Banana: The Fate of the Fruit That Changed the World

Dan Koeppel, Author . Penguin/Hudson Street $23.95 (281p) ISBN 978-1-59463-038-5

The world’s most humble fruit has caused inordinate damage to nature and man, and Popular Science journalist Koeppel (To See Every Bird on Earth ) embarks on an intelligent, chock-a-block sifting through the havoc. Seedless, sexless bananas evolved from a wild inedible fruit first cultivated in Southeast Asia, and was probably the “apple” that got Adam and Eve in trouble in the Garden of Eden. From there the fruit traveled to Africa and across the Pacific, arriving on U.S. shores probably with the Europeans in the 15th century. However, the history of the banana turned sinister as American businessmen caught on to the marketability of this popular, highly perishable fruit then grown in Jamaica. Thanks to the building of the railroad through Costa Rica by the turn of the century, the United Fruit company flourished in Central America, its tentacles extending into all facets of government and industry, toppling “banana republics” and igniting labor wars. Meanwhile, the Gros Michel variety was annihilated by a fungus called Panama disease (Sigatoka), which today threatens the favored Cavendish, as Koeppel sounds the alarm, shuttling to genetics-engineering labs from Honduras to Belgium. His sage, informative study poses the question fairly whether it’s time for consumers to reverse a century of strife and exploitation epitomized by the purchase of one banana. (Jan.)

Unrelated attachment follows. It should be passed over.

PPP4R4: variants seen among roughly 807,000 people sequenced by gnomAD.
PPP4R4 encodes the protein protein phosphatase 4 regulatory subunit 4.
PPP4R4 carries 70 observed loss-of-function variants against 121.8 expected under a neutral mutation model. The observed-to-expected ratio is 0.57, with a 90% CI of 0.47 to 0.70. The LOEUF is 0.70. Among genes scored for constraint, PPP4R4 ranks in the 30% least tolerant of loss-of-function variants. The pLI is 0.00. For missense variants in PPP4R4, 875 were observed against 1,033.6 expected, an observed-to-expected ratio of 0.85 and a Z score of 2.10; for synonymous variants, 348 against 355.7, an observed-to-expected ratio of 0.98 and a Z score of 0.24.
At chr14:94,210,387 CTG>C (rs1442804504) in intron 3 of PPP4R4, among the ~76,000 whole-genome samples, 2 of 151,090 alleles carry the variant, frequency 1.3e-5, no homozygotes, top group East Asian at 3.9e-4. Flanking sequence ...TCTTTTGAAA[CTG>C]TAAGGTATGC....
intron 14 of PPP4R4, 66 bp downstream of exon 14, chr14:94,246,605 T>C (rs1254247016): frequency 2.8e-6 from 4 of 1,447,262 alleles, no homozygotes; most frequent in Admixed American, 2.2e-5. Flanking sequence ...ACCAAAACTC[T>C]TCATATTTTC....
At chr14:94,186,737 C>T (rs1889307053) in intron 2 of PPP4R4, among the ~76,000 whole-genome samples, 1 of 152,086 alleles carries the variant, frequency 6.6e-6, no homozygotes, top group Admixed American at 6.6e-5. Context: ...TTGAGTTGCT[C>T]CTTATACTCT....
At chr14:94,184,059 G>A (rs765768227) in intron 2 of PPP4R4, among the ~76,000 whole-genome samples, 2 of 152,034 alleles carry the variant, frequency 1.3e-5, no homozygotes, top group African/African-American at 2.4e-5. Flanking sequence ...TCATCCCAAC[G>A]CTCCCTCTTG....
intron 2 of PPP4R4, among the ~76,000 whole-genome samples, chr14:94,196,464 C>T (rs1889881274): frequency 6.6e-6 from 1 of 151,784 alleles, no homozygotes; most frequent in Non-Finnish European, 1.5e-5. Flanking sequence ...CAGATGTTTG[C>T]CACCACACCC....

Reviewed on: 10/29/2007
Release date: 01/01/2008
Peanut Press/Palm Reader - 304 pages - 978-1-4295-9326-7
Open Ebook - 304 pages - 978-1-4295-9325-0
Open Ebook - 304 pages - 978-1-101-21391-9
Paperback - 281 pages - 978-0-452-29008-2
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